“My Son’s Got a Girl Pregnant!”
Harald Breiding-Buss talks to two dads whose sons became teenage fathers.
Becoming a granddad is a mixed blessing for many. Sure, there is the certainty that the line is being continued for another generation and the thought that your own hard work in raising your children hasn’t been completely in vain.
But aren’t granddads the guys who always drive painfully slow in front of you, bore the whole family with stories from the good old days and are on their third set of teeth? Am I really old enough to be a granddad?
For some, becoming a granddad comes at a time when they are still in the middle of parenting through one of the more demanding times in a child’s life: the teenage years. While exploring sex sonny has been caught out by carelessness or lax contraception. The girlfriend is pregnant and decides to have the child.
So no weekend visits to the budding family after which granddad can go back home and busy himself with his stamp collection from World War II. This time it’s all going to happen right under his nose.
I spoke to two such granddads about what influence they thought they had when it all happened, and whether they thought they made any difference in their sons’ ongoing parenting efforts. One of them is Jeff Cairns, whose son Jordan had his first child at the tender age of 15.
The other would prefer to remain anonymous, and will be called Mark here, with son Tony, who had his child at 18.
The news didn’t come easy to either of them. Both say they were ‘horrified’ on hearing about the pregnancy, and in Mark’s case it wasn’t even his son who told him – friends of the girlfriend phoned with the news.
“We would have preferred our kids to go down the traditional path of engagement, wedding, babies”, says Mark. ”At that stage neither of our kids seemed to be anywhere near a long-term relationship so this came out of left field.”
Some thinking had to be done. What to do with this one? “Being his father took over for me”, says Jeff, “I was trying to be supportive although I was a bit disappointed.” Nevertheless: “Had it happened any later, I would have been too old to enjoy it…”.
For Mark and wife it was all about the baby: “We were somewhat concerned by stories you hear where parents of the father in situations like this don’t have a relationship with the grandchildren.
Given the opportunity, my wife and I decided we were going to be very supportive of, and involved, with Alison [the mother] and the baby, no matter where their relationship went. We were pro-active in developing a relationship with Alison during the pregnancy independent of our son.”
Modern parents are often determined not to let their parenting be influenced too much by the old ways of their own parents, and grandparents often recognise that they have to take a step back, even if watching can be painful at times.
But with 15, or even 18, you’re still actively parenting yourself, setting your limits and boundaries. Jeff says ‘We’re still going through authority-challenging behaviour [but] I’m still [Jordon's] father.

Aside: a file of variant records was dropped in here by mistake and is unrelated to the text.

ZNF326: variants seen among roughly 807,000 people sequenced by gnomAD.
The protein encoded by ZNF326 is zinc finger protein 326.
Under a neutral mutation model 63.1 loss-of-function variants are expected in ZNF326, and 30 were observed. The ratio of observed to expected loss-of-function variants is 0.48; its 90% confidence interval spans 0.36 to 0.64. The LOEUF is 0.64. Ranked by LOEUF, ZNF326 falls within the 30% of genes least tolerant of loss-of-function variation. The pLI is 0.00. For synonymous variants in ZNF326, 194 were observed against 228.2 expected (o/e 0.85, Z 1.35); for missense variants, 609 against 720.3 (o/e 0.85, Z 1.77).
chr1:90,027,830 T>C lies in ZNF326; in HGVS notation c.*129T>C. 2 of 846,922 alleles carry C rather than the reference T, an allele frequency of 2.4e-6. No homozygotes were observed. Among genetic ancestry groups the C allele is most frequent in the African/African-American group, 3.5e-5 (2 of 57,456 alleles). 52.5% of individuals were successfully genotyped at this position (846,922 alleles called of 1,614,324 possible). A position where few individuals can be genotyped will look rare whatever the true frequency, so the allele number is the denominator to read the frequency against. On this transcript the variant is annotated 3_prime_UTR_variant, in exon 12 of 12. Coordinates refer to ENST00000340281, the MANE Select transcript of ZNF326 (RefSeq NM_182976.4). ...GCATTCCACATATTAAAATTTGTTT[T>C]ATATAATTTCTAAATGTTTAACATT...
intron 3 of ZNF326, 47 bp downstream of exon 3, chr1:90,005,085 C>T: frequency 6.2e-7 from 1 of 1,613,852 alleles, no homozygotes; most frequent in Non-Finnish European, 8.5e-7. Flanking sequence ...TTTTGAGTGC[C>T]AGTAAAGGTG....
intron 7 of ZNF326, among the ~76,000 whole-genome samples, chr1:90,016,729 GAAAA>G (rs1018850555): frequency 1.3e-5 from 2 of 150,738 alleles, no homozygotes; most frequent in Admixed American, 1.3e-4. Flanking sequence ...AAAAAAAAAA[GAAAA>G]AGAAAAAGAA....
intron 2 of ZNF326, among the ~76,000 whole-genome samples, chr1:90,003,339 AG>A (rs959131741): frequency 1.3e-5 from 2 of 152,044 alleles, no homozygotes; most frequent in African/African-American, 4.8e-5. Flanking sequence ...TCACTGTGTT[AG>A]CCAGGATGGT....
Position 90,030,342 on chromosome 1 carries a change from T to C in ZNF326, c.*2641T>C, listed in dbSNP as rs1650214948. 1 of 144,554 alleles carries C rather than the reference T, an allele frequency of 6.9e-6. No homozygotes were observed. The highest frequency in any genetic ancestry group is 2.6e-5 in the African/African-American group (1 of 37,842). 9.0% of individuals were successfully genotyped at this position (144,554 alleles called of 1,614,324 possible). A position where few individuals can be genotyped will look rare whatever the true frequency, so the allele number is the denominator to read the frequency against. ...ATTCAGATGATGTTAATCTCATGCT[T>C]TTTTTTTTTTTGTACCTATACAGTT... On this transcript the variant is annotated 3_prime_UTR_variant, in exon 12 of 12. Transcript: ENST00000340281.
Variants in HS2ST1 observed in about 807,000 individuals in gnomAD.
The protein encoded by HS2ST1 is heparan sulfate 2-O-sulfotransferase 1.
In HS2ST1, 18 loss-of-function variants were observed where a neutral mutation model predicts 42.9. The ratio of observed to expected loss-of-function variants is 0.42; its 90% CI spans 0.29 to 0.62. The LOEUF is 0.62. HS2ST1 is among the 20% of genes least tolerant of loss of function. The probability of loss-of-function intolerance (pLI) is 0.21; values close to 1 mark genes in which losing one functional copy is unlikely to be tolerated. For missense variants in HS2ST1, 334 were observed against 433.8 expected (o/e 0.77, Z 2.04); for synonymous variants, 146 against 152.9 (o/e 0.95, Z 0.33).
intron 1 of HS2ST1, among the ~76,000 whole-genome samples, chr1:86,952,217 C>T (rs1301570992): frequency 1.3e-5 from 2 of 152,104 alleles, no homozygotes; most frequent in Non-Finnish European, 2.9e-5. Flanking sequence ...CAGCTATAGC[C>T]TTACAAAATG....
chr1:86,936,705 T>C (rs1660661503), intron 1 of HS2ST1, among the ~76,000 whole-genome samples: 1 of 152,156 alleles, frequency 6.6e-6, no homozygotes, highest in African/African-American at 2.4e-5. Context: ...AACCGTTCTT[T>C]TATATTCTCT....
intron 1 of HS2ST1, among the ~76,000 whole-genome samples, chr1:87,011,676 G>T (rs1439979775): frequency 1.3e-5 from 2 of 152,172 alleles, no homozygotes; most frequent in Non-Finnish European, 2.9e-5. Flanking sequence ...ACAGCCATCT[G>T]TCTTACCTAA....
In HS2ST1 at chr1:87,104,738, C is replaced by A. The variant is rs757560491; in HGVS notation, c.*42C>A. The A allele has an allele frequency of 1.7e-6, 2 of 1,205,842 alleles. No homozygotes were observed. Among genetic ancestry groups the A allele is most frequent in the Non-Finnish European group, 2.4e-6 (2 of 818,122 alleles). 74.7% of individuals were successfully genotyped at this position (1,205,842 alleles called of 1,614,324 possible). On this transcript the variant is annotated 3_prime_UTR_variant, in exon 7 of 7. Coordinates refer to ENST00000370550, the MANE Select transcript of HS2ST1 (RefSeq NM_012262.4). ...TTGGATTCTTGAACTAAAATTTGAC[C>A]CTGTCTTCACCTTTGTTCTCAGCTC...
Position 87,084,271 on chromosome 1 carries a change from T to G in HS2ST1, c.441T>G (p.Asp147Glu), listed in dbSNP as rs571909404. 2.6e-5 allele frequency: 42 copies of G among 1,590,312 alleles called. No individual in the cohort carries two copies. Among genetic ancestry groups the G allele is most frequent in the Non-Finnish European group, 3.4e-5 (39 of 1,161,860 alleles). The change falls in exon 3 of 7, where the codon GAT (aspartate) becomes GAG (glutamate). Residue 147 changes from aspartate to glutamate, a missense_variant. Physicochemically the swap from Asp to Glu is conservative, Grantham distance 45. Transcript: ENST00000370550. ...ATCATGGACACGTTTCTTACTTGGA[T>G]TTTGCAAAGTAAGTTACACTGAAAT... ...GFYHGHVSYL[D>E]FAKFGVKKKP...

He has to toe the line’ but in the same breath emphasises his supportiveness of the situation. He especially helped his son “to assert himself as a father and not be trucked over.” So far, according to Jeff, there have been no complaints.
Mark is less sure. Somewhat further down the line in becoming independent, Tony refused to be ‘preached’ to. “I still think it’s pretty difficult to assess what influences I’ve had.’ he says.
“We try to lead by example because I don’t think he’s open to ‘preaching’ even if it is a casual discussion! The invitation to contribute to this article was met with a firm refusal!
“[..]We knew we wanted to make sure we were there to help not to interfere – its more a ‘have you thought of’ suggestion(s) – keeping it low key.”
Both are slow to take any credit for the positive picture of their sons’ parenting they both paint. Jeff feels ‘very proud’ of Jordan after initially having been astonished how well he coped. Mark says “Generally, I’m pretty pleased with the way in which [Tony] deals with issues.
I guess we all learn best by watching others though – little about parenting comes naturally. I usually compliment him on that when I see it. I don’ t think I was that good with him when he was that age.”
And both granddads have the same message for their sons: invest the time! Jeff had at times been Jordon’s primary caregiver, but Mark has some regrets.
In his opinion, Tony could spend even more time with his daughter – and not so much on gaming… “In my [own] case as a youngish father, having two jobs, serving on a number of committees and involvements, my own interests reduced the amount of time that I was able to give my children.
To quote a tired cliché, “You don’t get a second chance at this.”
Next: Striving For Parenthood